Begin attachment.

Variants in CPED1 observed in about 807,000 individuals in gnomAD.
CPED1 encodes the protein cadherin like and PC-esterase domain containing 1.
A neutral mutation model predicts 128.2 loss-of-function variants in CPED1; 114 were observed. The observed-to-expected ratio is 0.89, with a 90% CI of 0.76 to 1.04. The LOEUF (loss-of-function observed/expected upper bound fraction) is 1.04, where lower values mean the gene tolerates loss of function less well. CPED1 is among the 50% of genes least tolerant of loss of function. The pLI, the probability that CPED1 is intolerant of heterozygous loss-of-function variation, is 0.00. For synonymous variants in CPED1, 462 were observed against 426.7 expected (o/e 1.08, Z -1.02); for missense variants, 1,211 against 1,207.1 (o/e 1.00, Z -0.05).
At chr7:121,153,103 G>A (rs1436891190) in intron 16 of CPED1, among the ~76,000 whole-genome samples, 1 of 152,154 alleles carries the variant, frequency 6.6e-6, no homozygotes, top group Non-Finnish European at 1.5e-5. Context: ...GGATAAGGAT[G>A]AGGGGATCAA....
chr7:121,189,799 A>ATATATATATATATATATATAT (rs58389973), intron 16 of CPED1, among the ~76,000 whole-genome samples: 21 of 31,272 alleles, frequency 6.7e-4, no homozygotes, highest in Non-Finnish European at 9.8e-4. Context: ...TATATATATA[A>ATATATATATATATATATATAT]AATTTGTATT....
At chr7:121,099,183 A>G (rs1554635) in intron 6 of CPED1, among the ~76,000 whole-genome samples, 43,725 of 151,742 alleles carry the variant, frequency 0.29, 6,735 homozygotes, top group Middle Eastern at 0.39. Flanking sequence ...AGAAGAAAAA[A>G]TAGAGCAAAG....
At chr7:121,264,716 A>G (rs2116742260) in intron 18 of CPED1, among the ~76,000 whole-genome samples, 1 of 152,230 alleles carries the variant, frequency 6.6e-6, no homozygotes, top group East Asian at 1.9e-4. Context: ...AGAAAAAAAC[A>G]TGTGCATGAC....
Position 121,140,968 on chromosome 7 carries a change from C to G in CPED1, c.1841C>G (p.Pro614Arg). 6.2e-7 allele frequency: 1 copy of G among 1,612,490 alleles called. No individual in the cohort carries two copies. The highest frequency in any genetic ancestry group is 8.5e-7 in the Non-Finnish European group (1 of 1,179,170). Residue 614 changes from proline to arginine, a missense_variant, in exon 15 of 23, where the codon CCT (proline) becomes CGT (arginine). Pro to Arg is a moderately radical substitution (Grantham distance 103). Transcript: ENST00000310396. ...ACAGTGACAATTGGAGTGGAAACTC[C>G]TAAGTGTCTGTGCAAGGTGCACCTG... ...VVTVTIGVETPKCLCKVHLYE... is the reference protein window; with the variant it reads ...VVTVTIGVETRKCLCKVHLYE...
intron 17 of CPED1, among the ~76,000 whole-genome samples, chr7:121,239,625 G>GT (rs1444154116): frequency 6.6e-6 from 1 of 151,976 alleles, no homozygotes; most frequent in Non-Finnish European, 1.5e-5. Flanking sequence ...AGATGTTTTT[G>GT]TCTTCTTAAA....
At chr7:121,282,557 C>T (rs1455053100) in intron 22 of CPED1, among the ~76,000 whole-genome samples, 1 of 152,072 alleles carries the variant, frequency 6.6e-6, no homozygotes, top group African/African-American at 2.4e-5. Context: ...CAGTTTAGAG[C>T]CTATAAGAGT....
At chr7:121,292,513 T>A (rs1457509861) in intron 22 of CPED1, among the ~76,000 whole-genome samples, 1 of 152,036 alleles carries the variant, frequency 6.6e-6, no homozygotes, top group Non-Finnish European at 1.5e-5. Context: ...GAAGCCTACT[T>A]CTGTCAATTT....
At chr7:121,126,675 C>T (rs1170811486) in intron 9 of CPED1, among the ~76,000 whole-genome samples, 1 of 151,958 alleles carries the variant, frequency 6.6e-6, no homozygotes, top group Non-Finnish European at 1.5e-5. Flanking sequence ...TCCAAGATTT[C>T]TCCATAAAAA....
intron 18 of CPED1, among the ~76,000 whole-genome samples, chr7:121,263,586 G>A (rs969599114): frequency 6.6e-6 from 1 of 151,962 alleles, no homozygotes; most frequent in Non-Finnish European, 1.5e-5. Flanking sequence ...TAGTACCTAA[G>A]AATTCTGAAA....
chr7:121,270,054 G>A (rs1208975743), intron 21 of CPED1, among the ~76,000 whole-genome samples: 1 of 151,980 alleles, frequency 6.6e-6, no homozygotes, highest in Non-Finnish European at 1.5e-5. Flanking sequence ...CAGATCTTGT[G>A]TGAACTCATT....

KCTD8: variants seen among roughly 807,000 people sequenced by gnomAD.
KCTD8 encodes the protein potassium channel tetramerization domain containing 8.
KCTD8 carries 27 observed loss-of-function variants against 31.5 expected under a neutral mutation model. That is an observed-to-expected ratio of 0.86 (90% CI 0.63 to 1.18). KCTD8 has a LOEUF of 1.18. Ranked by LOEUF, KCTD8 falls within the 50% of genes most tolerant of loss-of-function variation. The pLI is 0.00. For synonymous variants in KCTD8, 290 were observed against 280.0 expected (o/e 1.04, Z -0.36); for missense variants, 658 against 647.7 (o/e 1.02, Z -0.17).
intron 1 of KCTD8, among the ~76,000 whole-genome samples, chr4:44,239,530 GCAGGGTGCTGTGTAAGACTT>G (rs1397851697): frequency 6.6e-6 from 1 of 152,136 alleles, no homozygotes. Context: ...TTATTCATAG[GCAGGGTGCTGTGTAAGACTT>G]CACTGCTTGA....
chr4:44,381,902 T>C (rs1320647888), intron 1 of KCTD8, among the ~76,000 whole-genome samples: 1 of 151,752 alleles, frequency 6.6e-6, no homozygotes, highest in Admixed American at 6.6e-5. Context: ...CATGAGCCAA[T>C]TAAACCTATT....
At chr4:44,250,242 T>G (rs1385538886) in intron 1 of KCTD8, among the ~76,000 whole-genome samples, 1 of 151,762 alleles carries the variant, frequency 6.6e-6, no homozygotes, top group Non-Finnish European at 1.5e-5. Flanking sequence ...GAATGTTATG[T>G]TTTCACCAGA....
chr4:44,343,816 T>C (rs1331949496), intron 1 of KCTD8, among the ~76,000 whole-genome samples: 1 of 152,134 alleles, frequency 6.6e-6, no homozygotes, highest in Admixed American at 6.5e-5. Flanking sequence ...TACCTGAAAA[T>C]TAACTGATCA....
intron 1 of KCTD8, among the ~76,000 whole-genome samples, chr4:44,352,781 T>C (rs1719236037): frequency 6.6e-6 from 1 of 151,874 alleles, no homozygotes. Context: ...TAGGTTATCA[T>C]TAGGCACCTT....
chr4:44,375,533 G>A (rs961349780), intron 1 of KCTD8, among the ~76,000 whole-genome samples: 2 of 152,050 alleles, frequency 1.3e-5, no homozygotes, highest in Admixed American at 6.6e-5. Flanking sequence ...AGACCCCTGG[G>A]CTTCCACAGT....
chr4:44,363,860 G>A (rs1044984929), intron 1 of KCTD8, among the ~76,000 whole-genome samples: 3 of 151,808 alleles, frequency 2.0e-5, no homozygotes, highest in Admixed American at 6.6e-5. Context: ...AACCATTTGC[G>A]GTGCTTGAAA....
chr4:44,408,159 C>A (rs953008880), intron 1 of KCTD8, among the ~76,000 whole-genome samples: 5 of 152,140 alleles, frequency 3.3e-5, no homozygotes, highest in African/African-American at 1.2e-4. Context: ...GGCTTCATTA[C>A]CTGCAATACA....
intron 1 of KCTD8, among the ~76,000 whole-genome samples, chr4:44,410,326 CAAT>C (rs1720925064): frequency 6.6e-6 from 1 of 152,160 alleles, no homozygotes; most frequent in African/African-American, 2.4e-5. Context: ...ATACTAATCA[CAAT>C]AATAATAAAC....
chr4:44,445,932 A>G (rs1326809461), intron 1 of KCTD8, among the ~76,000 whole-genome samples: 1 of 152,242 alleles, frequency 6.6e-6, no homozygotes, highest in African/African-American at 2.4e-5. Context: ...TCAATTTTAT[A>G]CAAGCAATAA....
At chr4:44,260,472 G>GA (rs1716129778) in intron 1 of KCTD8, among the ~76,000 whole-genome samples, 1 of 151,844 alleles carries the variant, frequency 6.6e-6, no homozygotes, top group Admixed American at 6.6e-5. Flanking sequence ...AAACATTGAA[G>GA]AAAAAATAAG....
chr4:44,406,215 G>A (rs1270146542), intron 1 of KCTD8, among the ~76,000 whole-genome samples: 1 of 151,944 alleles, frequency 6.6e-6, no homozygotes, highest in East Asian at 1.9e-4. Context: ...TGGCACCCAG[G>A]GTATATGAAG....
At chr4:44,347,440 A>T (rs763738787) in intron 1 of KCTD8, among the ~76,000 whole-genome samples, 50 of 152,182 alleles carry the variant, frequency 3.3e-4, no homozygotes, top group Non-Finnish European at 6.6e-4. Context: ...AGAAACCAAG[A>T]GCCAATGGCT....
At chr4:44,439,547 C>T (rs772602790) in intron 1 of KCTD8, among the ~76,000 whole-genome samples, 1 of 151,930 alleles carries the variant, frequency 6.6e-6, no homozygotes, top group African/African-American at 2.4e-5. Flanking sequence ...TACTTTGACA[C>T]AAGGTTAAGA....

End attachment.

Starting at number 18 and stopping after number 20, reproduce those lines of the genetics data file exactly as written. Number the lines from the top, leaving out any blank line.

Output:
intron 1 of KCTD8, among the ~76,000 whole-genome samples, chr4:44,239,530 GCAGGGTGCTGTGTAAGACTT>G (rs1397851697): frequency 6.6e-6 from 1 of 152,136 alleles, no homozygotes. Context: ...TTATTCATAG[GCAGGGTGCTGTGTAAGACTT>G]CACTGCTTGA....
chr4:44,381,902 T>C (rs1320647888), intron 1 of KCTD8, among the ~76,000 whole-genome samples: 1 of 151,752 alleles, frequency 6.6e-6, no homozygotes, highest in Admixed American at 6.6e-5. Context: ...CATGAGCCAA[T>C]TAAACCTATT....
At chr4:44,250,242 T>G (rs1385538886) in intron 1 of KCTD8, among the ~76,000 whole-genome samples, 1 of 151,762 alleles carries the variant, frequency 6.6e-6, no homozygotes, top group Non-Finnish European at 1.5e-5. Flanking sequence ...GAATGTTATG[T>G]TTTCACCAGA....